Found 1 items, similar to Accipiter fuscus.
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Definition: Accipiter fuscus
(h[add]k), n. [OE. hauk (prob. fr. Icel.), havek,
AS. hafoc, heafoc; akin to D. havik, OHG. habuh, G. habicht,
Icel. haukr, Sw. h["o]k, Dan. h["o]g, prob. from the root of
E. heave.] (Zo["o]l.)
One of numerous species and genera of rapacious birds of the
. They differ from the true falcons in
lacking the prominent tooth and notch of the bill, and in
having shorter and less pointed wings. Many are of large size
and grade into the eagles. Some, as the goshawk, were
formerly trained like falcons. In a more general sense the
word is not infrequently applied, also, to true falcons, as
the sparrow hawk, pigeon hawk, duck hawk, and prairie hawk.
Note: Among the common American species are the red-tailed
hawk (Buteo borealis
); the red-shouldered (Buteo lineatus
); the broad-winged (Buteo Pennsylvanicus
the rough-legged (Archibuteo lagopus
sharp-shinned (Accipiter fuscus
). See Fishhawk
, Marsh hawk
, under Marsh
, Night hawk
(Zo["o]l.), the honey buzzard.
. See under Eagle
(Zo["o]l.), an Asiatic bird of the genus
, or Limn[ae]tus
, intermediate between the
hawks and eagles. There are several species.
(Zo["o]l.), a voracious fly of the family
. See Hornet fly
, under Hornet
. (Zo["o]l.) See Hawk moth
, in the Vocabulary.
(a) A northern owl (Surnia ulula
) of Europe and America. It
flies by day, and in some respects resembles the hawks.
(b) An owl of India (Ninox scutellatus
(Horology), the pawl for the rack, in the
striking mechanism of a clock.
, n. [F., fr. L. pipio a young pipping or
chirping bird, fr. pipire to peep, chirp. Cf. Peep
1. (Zo["o]l.) Any bird of the order Columb[ae], of which
numerous species occur in nearly all parts of the world.
Note: The common domestic pigeon, or dove, was derived from
the Old World rock pigeon or rock dove (Columba livia
), common in cities. It has given rise to
numerous very remarkable varieties, such as the
carrier, fantail, nun, pouter, tumbler, etc. The common
wild pigeon of the Eastern United States is the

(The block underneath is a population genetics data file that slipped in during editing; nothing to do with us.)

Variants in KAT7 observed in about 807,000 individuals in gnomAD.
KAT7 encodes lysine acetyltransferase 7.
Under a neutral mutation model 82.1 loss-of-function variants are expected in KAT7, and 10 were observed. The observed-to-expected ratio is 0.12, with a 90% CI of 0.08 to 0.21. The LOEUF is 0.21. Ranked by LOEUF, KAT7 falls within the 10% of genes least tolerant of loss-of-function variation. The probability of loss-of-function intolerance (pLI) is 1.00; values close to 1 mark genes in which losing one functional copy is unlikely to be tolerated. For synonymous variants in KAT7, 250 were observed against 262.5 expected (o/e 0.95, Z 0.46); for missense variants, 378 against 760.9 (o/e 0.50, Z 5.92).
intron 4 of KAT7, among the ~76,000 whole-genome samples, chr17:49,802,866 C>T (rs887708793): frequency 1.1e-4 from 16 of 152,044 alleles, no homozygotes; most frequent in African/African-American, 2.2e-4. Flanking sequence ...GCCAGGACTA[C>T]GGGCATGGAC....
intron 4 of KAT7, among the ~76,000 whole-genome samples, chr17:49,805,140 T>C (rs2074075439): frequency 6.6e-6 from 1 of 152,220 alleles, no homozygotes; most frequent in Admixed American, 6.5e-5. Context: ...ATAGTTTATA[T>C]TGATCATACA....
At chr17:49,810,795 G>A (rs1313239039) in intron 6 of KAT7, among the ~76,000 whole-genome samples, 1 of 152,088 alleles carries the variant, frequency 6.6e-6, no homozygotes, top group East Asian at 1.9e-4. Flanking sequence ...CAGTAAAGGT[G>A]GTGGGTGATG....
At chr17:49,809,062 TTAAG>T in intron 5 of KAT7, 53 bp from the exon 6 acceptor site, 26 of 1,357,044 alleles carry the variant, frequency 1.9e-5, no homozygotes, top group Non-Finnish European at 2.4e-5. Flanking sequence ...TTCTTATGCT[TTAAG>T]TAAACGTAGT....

, called also
). Before the 19th century, the most
common pigeon was the passenger pigeon, but that
species is now extinct. See Passenger pigeon
. See, also, Fruit pigeon
, Ground pigeon
, Queen pigeon
, Stock pigeon
, under Fruit
[1913 Webster +PJC]
2. An unsuspected victim of sharpers; a gull. [Slang]
(Zo["o]l.), an Australian passerine bird
); -- called also black-faced crow
(Zo["o]l.), any one of numerous species of Old
World pigeons belonging to the family Treronid[ae]
(Zo["o]l.), any one of the large Asiatic
fruit pigeons of the genus Carpophada
(Bot.), the purplish black fruit of the
pokeweed; also, the plant itself. See Pokeweed
[perhaps a corruption of business English],
an extraordinary and grotesque dialect, employed in the
commercial cities of China, as the medium of communication
between foreign merchants and the Chinese. Its base is
English, with a mixture of Portuguese and Hindustani.
(Bot.), a kind of foxtail grass (Setaria glauca
), of some value as fodder. The seeds are eagerly
eaten by pigeons and other birds.
(a) A small American falcon (Falco columbarius
adult male is dark slate-blue above, streaked with
black on the back; beneath, whitish or buff, streaked
with brown. The tail is banded.
(b) The American sharp-shinned hawk (Accipiter velox
(a) A hole for pigeons to enter a pigeon house.
(b) See Pigeonhole
(c) pl. An old English game, in which balls were rolled
through little arches. --Halliwell.
, a dovecote.
(Bot.), the seed of Cajanus Indicus
; a kind of
pulse used for food in the East and West Indies; also, the
(Bot.), the edible drupes of two West African
species of Chrysobalanus
. (Zo["o]l.) See under Tremex
(Bot.), a name in the West Indies for the wood
of several very different kinds of trees, species of
, and Coccoloba
(Zo["o]l.), the flicker.
(a) The upland plover.
(b) The golden plover. [Local, U.S.]